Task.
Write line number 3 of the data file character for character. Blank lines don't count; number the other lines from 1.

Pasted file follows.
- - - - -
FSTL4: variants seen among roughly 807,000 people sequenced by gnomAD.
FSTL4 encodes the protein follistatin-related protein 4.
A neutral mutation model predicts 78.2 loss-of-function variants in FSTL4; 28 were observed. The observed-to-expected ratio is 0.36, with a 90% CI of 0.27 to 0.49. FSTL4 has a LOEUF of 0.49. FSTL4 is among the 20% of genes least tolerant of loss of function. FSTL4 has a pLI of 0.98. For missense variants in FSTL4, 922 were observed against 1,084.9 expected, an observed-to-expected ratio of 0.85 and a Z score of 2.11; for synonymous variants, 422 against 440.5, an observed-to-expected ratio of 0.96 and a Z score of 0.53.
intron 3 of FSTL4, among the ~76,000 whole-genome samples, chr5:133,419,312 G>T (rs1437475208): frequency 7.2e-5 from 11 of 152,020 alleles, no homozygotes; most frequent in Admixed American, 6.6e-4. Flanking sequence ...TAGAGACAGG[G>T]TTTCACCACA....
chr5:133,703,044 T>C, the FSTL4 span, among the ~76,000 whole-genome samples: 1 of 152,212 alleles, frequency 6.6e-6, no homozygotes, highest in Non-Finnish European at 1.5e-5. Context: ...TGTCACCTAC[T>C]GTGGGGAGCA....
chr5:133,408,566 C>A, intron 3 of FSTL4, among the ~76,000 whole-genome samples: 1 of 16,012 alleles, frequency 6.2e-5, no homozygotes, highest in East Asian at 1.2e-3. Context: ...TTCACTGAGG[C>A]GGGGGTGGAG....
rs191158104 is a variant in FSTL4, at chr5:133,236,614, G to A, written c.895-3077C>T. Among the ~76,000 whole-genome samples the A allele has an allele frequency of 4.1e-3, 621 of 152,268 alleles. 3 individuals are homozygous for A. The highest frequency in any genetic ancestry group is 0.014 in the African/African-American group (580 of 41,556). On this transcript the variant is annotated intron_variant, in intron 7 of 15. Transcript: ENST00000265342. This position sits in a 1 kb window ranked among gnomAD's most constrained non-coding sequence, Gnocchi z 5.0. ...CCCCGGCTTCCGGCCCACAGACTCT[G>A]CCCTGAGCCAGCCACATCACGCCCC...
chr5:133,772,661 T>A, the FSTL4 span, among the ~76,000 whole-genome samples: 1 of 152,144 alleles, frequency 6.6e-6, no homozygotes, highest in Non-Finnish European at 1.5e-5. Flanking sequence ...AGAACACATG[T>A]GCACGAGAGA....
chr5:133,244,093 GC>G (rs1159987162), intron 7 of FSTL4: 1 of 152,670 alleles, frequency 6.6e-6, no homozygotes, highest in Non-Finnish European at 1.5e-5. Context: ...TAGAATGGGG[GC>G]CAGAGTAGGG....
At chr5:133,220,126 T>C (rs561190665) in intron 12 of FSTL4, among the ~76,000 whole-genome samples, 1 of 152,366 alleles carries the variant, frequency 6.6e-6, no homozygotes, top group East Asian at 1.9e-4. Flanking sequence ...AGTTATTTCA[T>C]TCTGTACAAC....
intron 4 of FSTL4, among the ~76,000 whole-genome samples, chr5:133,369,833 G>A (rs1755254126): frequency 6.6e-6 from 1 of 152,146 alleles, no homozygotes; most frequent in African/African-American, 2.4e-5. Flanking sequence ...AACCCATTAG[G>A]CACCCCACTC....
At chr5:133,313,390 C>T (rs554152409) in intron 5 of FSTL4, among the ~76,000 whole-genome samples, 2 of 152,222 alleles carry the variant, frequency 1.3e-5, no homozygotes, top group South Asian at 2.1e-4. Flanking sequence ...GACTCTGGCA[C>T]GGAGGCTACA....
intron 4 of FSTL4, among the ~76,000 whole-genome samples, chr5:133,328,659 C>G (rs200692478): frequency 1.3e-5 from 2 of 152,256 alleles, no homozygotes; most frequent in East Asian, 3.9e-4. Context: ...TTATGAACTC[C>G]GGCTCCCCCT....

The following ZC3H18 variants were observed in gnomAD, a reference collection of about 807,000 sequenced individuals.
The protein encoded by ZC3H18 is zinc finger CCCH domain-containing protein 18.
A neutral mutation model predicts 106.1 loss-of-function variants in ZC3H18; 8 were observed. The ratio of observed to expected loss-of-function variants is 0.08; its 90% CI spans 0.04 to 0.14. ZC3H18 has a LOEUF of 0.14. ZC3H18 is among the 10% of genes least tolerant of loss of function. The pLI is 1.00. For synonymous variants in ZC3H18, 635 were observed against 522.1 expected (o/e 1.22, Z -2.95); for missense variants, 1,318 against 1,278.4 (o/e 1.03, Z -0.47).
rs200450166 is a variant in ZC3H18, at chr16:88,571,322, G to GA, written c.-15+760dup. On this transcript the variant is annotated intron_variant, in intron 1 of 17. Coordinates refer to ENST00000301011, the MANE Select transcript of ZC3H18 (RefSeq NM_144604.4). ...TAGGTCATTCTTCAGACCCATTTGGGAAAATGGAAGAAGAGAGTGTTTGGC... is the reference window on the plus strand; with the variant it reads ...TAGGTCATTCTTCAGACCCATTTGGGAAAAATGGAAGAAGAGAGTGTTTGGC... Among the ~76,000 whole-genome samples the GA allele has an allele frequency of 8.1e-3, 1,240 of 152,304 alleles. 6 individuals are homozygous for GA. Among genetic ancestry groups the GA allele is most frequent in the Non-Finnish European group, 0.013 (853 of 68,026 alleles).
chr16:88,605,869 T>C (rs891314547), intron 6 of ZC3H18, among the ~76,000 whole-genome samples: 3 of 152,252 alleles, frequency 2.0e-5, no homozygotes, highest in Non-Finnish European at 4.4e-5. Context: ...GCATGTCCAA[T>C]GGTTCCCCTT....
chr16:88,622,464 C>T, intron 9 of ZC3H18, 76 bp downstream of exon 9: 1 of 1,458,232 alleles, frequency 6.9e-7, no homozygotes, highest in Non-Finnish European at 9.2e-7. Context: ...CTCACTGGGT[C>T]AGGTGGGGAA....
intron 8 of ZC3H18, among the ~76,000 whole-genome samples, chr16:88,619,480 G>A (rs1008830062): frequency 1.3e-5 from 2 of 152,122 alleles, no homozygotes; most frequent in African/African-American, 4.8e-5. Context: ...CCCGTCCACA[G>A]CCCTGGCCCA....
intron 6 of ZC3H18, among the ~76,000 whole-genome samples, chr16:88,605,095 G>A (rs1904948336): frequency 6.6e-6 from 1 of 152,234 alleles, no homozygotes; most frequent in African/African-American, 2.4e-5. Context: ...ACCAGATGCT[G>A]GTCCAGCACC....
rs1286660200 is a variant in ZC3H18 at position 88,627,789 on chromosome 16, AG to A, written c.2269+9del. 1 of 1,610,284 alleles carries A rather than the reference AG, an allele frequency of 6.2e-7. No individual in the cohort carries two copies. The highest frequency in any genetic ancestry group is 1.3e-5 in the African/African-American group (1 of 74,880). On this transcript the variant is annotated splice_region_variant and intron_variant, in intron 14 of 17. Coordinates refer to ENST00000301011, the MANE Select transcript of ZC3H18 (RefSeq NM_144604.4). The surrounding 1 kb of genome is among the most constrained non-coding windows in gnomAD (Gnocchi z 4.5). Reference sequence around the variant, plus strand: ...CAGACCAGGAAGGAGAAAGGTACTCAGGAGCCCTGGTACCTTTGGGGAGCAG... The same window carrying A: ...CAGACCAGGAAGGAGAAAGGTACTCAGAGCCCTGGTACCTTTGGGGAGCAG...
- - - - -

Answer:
A neutral mutation model predicts 78.2 loss-of-function variants in FSTL4; 28 were observed. The observed-to-expected ratio is 0.36, with a 90% CI of 0.27 to 0.49. FSTL4 has a LOEUF of 0.49. FSTL4 is among the 20% of genes least tolerant of loss of function. FSTL4 has a pLI of 0.98. For missense variants in FSTL4, 922 were observed against 1,084.9 expected, an observed-to-expected ratio of 0.85 and a Z score of 2.11; for synonymous variants, 422 against 440.5, an observed-to-expected ratio of 0.96 and a Z score of 0.53.